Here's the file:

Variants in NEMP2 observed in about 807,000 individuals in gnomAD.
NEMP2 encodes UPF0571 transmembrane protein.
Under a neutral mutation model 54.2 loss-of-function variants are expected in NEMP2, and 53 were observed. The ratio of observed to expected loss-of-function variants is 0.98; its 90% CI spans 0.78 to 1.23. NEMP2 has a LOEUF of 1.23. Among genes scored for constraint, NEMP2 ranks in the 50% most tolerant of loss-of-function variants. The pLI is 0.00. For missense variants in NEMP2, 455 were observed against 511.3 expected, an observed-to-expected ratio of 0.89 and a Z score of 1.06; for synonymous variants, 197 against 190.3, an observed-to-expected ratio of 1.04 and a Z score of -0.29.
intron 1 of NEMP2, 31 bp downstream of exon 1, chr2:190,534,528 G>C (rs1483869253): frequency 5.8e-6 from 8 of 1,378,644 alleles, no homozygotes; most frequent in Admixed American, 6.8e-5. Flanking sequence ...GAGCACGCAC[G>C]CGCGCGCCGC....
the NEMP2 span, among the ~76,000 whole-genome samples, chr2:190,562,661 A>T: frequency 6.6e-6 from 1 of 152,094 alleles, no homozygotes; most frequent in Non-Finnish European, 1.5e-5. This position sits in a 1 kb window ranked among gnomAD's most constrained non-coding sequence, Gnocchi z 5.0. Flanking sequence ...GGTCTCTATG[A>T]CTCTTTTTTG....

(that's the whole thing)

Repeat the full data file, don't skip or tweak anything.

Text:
Variants in NEMP2 observed in about 807,000 individuals in gnomAD.
NEMP2 encodes UPF0571 transmembrane protein.
Under a neutral mutation model 54.2 loss-of-function variants are expected in NEMP2, and 53 were observed. The ratio of observed to expected loss-of-function variants is 0.98; its 90% CI spans 0.78 to 1.23. NEMP2 has a LOEUF of 1.23. Among genes scored for constraint, NEMP2 ranks in the 50% most tolerant of loss-of-function variants. The pLI is 0.00. For missense variants in NEMP2, 455 were observed against 511.3 expected, an observed-to-expected ratio of 0.89 and a Z score of 1.06; for synonymous variants, 197 against 190.3, an observed-to-expected ratio of 1.04 and a Z score of -0.29.
intron 1 of NEMP2, 31 bp downstream of exon 1, chr2:190,534,528 G>C (rs1483869253): frequency 5.8e-6 from 8 of 1,378,644 alleles, no homozygotes; most frequent in Admixed American, 6.8e-5. Flanking sequence ...GAGCACGCAC[G>C]CGCGCGCCGC....
the NEMP2 span, among the ~76,000 whole-genome samples, chr2:190,562,661 A>T: frequency 6.6e-6 from 1 of 152,094 alleles, no homozygotes; most frequent in Non-Finnish European, 1.5e-5. This position sits in a 1 kb window ranked among gnomAD's most constrained non-coding sequence, Gnocchi z 5.0. Flanking sequence ...GGTCTCTATG[A>T]CTCTTTTTTG....